“I would really like to see another trauma center on the South Side,” said Leslee Stein-Spencer, the fire department’s manager of medical administration and regulatory compliance. “We believe it is needed. It would definitely help with our transport and response time. There’s only so much paramedics can do in the back of an ambulance.”
There are four adult trauma centers in the city, Northwestern and Advocate Illinois Masonic Hospital on the North Side and Mount Sinai Hospital Medical Center and the John H. Stroger Hospital of Cook County on the West Side.
Officials at individual hospitals decide whether to have a trauma center, which must meet certification requirements, particularly involving staffing and training. “There used to be a lot more in the city,” Ms. Stein-Spencer said.
But treating trauma — victims of shootings, stabbings, car crashes and other accidents — is highly specialized and expensive. Level 1 trauma centers are staffed with 16 medical specialists, like brain surgeons and orthopedic experts, 24 hours a day.
Nationally, only 10 percent of hospitals have trauma units, and a mere 200 of those have Level 1 units for the most severe and complicated injuries, said Connie Potter, president of the Trauma Center Association of America, a group that advocates for more government financing of the trauma-care system.
“Trauma centers have been in financial difficulties for years,” Ms. Potter said. “But how much is a life worth? Our saying is nobody really cares unless they’re face down in a ditch. Then all of a sudden having a trauma center is a priority.”
Many trauma victims are young, poor and uninsured, or otherwise unable to pay, Ms. Potter said. Trauma cases often bump and postpone elective surgeries, “which is what hospitals make their money on,” she said.
The University of Chicago, which had one of the busiest trauma centers in the state, got out of trauma care in 1988, largely because of costs.
“We drew the entire South Side,” said John Easton, a spokesman for the medical center. “That became overwhelming. It put an enormous strain on the hospital.”
The hospital continues to operate a trauma center for children 16 and under because, Mr. Easton said, “we felt a greater obligation to help children.”
Tuesday would have been Mr. Turner’s 19th birthday. But instead of ice cream and cake, his mother choked down another day’s worth of grief along with some pills for her weak heart. Then — her breathing labored, her legs aching — she slowly followed a march of about 100 friends, neighbors and university students from the corner where her son was shot, through the streets of Woodlawn and Hyde Park, ending near the entrance to the medical center.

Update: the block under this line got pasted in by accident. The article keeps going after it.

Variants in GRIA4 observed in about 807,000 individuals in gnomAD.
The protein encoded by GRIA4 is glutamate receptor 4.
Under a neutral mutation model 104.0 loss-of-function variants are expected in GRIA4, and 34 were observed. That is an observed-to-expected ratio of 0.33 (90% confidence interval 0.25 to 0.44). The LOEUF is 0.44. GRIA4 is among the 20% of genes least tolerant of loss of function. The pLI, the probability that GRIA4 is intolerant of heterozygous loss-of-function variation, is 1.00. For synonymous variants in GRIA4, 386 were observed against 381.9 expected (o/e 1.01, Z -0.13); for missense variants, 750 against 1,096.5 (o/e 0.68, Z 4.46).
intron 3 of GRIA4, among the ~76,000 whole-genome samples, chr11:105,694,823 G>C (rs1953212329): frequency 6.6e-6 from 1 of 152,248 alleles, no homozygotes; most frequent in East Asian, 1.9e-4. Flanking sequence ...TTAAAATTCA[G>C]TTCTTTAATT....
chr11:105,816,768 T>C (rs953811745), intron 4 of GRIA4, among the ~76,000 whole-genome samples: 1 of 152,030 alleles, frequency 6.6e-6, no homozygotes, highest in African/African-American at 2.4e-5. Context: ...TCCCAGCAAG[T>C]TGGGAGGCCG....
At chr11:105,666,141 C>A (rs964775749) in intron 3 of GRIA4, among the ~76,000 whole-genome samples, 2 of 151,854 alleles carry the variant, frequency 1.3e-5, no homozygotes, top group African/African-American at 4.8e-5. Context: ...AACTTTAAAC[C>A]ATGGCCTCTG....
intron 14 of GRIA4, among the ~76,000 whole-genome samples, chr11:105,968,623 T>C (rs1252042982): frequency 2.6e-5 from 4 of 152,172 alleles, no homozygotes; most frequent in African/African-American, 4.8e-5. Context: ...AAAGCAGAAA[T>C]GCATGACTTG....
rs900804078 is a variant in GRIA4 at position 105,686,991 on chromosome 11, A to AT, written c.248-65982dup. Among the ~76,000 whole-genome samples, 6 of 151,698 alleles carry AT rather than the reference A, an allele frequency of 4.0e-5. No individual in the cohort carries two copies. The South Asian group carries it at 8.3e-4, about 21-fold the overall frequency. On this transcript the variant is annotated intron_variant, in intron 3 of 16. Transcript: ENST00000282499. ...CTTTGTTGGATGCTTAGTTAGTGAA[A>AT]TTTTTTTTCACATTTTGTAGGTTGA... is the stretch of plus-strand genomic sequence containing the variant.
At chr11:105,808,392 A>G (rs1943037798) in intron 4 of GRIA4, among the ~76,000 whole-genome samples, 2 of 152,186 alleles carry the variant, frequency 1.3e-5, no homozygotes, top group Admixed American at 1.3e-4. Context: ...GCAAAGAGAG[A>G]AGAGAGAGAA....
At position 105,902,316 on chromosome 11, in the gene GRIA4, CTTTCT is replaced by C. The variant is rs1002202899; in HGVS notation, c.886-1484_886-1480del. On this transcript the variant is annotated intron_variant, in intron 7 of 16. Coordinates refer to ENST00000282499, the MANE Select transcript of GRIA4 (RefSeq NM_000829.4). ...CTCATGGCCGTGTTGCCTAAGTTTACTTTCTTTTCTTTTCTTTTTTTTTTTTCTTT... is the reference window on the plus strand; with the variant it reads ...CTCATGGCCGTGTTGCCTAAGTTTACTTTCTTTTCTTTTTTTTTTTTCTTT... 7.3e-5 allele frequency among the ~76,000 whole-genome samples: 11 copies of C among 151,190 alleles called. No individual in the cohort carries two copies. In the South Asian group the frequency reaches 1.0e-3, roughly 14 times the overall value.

The marchers chanted, “U. of C. is whack, bring the trauma center back.” And “How can you ignore, we’re dying at your door?”
The march concluded close to where the hospital is building a $700 million pavilion.The hospital has "blood-stained hands?" Wouldn't the black community responsible for the incredibly high rates of violence, sending black people to the trauma center in need of medical care, have "blood on their hands"?
“This hospital has blood-stained hands,” the Rev. Andre Smith, the pastor who officiated at Mr. Turner’s funeral, said in an angry and anguished prayer at the protest. Mr. Turner was shot in the back around midnight near the corner of 61st Street and Cottage Grove Avenue, a violent patch of the city plagued by a longtime feud between rival street gangs.
No... black people can never be blamed for any problems in Black-Run America (BRA).
What do those almost exclusively black gang problems in Chicago look like for trauma centers around the city?
Hell. And perhaps the greatest waste of resources in the history of medicine [Trauma Centers Feel Gang Fallout, 3-3-92, Chicago Tribune]:
As the violence of Chicago`s gang and drug wars spills into the suburbs, suburban and children`s trauma centers are being forced to develop new skills to deal with crime-related stabbings and shootings.
Increased staff, new training and heightened security precautions needed are costly, and at least one Chicago hospital may try to shift some of the most troublesome patients elsewhere, experts at a trauma workshop said Monday. Doctors at suburban trauma centers, who are used to treating the blunt trauma of automobile accidents and until recently seldom saw gunshot wounds, now must treat people who have been shot three or more times, and often get several victims of the same shooting at once.
That means having two or three operating rooms staffed around the clock and hiring more emergency medicine physicians and trauma nurses and surgeons, the experts said.
The workshop was presented by the trauma committee of the American College of Surgeons at the Chicago Medical Society`s Midwest Clinical Conference at the Fairmont Hotel in Chicago.
``Drugs, guns and gangs are the recurrent theme in these injuries,`` said Richard Fantus, director of the trauma center at Illinois Masonic Medical Center. ``We are seeing the third stage of gang development here, which is kill for business, not for gang pride.``
Nearly 63 percent of gunshot wound victims at Children`s Memorial Hospital in 1991 were 14 to 16 years old and were involved in a crime, said Marletta Reynolds, director of Children`s pediatric trauma center.
That is a dramatic shift from 1986 when 72 percent of gunshot victims were children under 14 who were accidentally shot. The increase is due to the increased number of teenagers shot in gang fights, Reynolds said.
``One 15-year-old was shot in the chest. Six gang members went to visit him on the surgical floor in full gang regalia, and when security asked them to leave, they scattered into other patients` rooms. It took us two hours to get them out of the hospital.``What a waste of resources, when you consider the words of Mr. Sampson from the first part of this essay and the type of community black people created in the CHA homes on the South Side of Chicago, particularly in the now demolished Robert Taylor Homes.
Why bring any of this up? It seems four people were recently arrested for protesting the "trauma desert" on the South Side of Chicago, attacking the University of Chicago Hospital for not opening one wing to deal with... traumatic situations created on a daily basis by the black citizens of the South Side.
In reading all that you've read here, particularly the words of Robert Sampson, why should anyone care about the conditions of South Side of Chicago -- be it the refusal to allow the citizens of the CHA to have 2nd Amendment rights or the closure of trauma centers due to the exorbitant costs?
"Guns, Blacks, and Steel: The Fate of American Cities" is an idea that goes far beyond our ideas of constitutional government. It means dealing with the primary problem that threatens to destabilize our society.
Robert Sampson, in all of his DWL verbiage, knows the truth. The problem may be "out of sight" (with the demolishing of the CHA housing), but it's present.